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AMD's Phenom II X6 - Hexacore for the Masses

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On April 27, AMD released not just one, but two 6-core processors (codename: Thuban) onto the market: the AMD Phenom II X6 1055T (2.6Ghz per core) and the AMD Phenom II X6 1090T (3.2GHz per core). In contrast to Intel's i7 980x Extreme (6-core CPU, 3.33GHz launched in March 2010), AMD continues its mantra of delivering performance at an affordable price. Just how affordable the AMD CPU's are can be noted in the substantial price difference: Prices for AMD CPUs begin at just under 200 Euros, compared with the mortgage-inducing 949 Euros for the 980X. That translates in being able to build a high-end computer with the AMD without even touching the price of the i7 980X!

In addition to the new CPUs, AMD has also released its new flagship chipset: the AMD 890FX. This new chipset offers support for USB3, SATA6 and, perhaps most importantly for gamers, support for 4 PCI-E slots and great overclockability, giving an even better bang for your buck.

As well as adding the two extra cores, AMD has added a nifty feature that in fact, makes the Phenom X6 a 2-in-1 deal: Turbo Core. Similar to Intel's Turbo Boost, Turbo Core sets 3 of the CPU cores to a sleep state, while raising the frequency of the remaining 3, giving a very powerful Tri-Core setup. This is very useful for gaming where not all the cores are utilized, as well as video/photo editing, and similar applications. Turbo Core detects when some of the cores are not being used, and consequently sets them to sleep until they are needed again. Turbo Core is completely dynamic, using whatever cores are available at the time, meaning that it will not always the same 3 cores that are being overclocked - ensuring product longevity is sustained. One can read a little deeper and note that this also means that all cores within the CPU are capable of being overclocked - great news for enthusiasts and gamers alike.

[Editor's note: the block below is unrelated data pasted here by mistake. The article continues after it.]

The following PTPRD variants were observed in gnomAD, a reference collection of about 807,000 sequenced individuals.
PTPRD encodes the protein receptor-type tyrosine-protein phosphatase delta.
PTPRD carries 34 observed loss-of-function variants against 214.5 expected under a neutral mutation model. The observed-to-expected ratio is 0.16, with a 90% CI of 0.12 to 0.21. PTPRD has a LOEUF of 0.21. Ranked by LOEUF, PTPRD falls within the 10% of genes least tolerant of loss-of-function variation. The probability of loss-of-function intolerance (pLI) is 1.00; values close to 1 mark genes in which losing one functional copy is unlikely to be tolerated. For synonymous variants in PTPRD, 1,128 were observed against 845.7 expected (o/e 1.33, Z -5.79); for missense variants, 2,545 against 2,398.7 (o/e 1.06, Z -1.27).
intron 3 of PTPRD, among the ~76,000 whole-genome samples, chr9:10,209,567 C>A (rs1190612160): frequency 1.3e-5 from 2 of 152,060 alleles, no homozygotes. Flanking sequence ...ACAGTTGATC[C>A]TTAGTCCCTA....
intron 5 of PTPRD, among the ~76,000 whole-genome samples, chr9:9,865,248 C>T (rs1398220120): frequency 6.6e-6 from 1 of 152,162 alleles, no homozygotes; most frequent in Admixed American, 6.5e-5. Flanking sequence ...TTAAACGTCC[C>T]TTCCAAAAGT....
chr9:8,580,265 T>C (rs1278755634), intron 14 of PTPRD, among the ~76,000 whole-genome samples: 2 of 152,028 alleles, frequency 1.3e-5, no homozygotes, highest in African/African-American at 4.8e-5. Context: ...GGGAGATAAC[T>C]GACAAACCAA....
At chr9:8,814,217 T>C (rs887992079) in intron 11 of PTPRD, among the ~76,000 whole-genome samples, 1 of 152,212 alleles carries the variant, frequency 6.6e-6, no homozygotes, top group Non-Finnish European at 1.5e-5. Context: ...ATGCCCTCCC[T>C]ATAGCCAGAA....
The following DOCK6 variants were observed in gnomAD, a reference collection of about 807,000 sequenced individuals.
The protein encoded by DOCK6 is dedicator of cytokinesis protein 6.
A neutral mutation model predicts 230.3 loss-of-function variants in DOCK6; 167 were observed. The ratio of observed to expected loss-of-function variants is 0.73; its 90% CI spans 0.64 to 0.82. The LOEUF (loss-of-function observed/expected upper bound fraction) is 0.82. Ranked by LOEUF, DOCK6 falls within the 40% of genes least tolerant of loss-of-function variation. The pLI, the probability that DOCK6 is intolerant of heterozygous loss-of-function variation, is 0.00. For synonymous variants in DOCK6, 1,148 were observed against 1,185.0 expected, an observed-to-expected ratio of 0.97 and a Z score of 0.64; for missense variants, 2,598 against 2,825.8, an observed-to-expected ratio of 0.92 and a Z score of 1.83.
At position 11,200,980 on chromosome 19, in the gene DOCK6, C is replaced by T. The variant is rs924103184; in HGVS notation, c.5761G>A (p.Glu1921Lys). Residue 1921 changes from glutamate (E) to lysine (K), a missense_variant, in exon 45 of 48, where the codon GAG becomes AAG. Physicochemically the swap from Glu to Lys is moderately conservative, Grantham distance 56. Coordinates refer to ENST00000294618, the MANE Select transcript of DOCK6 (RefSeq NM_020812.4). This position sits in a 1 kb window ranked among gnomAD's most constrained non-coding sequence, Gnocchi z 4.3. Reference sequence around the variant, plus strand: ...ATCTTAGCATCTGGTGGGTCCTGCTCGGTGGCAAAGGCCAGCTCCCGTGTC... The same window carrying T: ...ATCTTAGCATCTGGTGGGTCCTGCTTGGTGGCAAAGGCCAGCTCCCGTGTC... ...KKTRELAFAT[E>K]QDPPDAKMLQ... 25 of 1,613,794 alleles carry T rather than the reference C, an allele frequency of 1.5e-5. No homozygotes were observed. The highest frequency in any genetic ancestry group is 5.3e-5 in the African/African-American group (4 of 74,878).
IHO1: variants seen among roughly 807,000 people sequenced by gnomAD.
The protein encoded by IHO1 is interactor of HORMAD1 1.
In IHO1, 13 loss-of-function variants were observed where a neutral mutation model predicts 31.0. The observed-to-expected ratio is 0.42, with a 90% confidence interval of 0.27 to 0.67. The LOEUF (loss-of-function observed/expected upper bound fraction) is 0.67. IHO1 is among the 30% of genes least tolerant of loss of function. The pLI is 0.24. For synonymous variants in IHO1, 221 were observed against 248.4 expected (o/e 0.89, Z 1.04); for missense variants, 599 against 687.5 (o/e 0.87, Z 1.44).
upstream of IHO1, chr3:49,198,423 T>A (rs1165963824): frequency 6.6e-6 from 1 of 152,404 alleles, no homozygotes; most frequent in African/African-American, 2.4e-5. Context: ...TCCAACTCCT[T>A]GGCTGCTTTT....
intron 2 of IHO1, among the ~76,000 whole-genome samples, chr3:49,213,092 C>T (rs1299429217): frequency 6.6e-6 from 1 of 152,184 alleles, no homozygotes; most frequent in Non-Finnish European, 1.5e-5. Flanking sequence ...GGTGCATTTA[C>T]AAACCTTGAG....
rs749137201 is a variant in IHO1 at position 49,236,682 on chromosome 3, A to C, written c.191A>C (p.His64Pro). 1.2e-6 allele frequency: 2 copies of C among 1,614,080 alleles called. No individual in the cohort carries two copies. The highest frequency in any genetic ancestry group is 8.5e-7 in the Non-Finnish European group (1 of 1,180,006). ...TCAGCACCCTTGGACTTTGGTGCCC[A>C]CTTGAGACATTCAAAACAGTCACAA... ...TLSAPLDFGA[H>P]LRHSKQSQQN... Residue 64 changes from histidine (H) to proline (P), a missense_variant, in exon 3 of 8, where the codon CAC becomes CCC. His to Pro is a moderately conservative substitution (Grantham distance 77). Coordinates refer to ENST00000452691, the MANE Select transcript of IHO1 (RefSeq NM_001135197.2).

While the new 6-core CPUs aren't as impressive as Intel's i7 980X in terms of pure power and speed, AMD is certainly maintaining its path of delivering performance at a great price. Turbo Core is a noteworthy feature, which gives the X6 more appeal even without software that cannot fully take advantage of the extra cores. Gamers won't benefit as much from Turbo Core as productivity in video editing/encoding, so if you already own a decent quad-core, and you only intend to game, you shouldn't shell out for the Phenom II X6 just yet.

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